From the second Paul Feig’s all-female Ghostbusters reboot was announced, my reaction was that it helped if you simply didn’t think of it as a Ghostbusters movie. If you could have just told me that the guy who created Freaks and Geeks and directed Bridesmaids and The Heat was teaming up with The Heat‘s young screenwriter Katie Dippold on an all-female action-comedy with some supernatural elements I’d be all in. Why wouldn’t I? I love Freaks and Geeks, admire parts of Bridesmaids, generally enjoyed The Heat, and it seems like we don’t really get a lot of action-comedies anymore, outside of 21 and 22 Jump Street. If you would then tell me that the cast was rumored to include Kristen Wiig and Melissa McCarthy I’d tell you I was excited but that you already had me at Feig and Dippold. But a lot of that comes crumbling down for me when you tell me it’s going to be a Ghostbusters reboot with no connection to the first two films. Eh. Why? Seriously, Hollywood (specifically, Sony Pictures), why are you doing this?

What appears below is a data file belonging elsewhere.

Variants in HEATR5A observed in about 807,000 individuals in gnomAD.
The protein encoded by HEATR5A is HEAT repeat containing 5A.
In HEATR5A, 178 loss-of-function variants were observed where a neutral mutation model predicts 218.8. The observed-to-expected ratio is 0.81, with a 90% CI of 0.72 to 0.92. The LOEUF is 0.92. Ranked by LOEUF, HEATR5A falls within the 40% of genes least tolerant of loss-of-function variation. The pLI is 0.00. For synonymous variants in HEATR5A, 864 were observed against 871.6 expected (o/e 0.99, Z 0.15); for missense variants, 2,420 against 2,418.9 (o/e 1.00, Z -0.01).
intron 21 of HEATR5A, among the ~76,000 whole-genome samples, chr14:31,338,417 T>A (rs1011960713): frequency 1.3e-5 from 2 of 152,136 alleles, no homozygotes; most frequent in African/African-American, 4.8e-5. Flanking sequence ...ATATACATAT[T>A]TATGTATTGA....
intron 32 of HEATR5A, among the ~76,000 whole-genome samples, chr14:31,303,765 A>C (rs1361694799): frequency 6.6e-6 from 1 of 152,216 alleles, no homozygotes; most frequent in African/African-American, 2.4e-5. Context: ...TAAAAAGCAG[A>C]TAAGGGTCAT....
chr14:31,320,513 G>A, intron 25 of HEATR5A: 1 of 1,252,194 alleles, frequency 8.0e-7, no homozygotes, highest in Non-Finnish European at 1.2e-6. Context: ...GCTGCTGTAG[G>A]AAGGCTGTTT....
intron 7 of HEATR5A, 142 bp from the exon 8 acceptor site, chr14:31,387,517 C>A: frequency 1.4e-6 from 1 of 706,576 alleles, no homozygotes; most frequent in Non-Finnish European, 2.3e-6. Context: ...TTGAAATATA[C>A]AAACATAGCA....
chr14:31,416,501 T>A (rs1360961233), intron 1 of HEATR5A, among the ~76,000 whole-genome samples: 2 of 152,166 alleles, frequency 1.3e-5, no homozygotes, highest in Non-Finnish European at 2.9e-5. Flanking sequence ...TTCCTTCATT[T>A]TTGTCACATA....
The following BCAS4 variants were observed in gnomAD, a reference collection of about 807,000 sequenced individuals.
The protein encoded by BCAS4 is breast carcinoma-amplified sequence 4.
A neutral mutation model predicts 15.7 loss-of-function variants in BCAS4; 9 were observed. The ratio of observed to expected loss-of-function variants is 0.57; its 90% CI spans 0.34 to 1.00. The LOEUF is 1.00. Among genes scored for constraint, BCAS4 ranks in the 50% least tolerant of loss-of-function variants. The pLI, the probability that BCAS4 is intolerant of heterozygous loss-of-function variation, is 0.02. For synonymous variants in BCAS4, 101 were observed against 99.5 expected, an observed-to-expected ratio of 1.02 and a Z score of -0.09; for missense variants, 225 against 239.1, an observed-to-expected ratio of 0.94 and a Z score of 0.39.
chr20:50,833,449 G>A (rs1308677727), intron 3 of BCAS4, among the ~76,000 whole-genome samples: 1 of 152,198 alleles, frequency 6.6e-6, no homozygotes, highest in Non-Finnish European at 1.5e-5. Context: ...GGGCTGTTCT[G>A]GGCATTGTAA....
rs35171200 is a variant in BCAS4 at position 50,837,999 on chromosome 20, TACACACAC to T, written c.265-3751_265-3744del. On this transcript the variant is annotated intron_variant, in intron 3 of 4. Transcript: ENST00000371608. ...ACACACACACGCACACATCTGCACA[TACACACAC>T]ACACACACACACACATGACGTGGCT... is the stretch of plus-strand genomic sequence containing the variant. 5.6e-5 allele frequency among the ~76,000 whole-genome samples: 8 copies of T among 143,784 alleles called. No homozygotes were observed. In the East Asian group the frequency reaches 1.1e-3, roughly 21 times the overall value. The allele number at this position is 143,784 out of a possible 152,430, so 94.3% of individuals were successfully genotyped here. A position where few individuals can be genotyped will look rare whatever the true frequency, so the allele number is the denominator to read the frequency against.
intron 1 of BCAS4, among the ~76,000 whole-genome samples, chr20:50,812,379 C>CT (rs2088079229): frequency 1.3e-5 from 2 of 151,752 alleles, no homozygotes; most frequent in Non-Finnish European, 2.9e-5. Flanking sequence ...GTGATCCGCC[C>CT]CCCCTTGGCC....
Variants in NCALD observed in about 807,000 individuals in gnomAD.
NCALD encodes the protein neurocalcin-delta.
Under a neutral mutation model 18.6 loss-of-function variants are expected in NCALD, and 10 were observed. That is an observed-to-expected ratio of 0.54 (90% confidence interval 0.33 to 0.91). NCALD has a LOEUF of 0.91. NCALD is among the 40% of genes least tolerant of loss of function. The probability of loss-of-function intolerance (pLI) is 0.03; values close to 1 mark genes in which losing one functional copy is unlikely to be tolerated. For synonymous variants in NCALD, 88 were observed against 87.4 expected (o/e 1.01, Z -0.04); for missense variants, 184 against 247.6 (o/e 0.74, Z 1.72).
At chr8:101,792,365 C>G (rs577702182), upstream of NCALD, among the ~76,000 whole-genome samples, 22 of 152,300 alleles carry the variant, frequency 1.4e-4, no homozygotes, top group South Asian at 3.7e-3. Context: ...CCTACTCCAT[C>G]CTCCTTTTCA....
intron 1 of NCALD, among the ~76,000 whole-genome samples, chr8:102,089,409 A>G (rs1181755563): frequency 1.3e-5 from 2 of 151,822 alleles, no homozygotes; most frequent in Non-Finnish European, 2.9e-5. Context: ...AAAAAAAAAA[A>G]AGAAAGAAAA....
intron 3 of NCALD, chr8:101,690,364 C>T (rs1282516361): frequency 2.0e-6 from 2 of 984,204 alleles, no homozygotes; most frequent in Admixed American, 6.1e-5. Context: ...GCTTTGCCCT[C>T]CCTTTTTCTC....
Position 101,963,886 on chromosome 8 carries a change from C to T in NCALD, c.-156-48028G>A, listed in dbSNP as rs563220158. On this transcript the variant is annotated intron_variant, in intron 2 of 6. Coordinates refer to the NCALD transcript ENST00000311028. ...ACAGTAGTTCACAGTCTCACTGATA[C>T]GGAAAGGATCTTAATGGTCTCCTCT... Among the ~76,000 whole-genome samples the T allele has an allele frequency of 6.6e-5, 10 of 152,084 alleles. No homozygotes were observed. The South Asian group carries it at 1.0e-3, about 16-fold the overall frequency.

Oh, they’re doing it all right. They’ve officially announced a release date (July 22, 2016) and a cast (Wiig and McCarthy, as expected, along with current SNL favorites Leslie Jones and Kate McKinnon). Moreover, Film Divider claims to have some inside information about the plot and characters of the reboot:
There are four Ghostbusters, operating out of an unusual building in New York City, riding around in an unusual vehicle, using and creatively abusing their proton packs, and they each have a different personality type that will balance their overall dynamic. But it’s not as simple as there being a new Venkman, Stantz, Spengler and Zeddemore. While the new characters do have some connections to the originals, much more has been changed.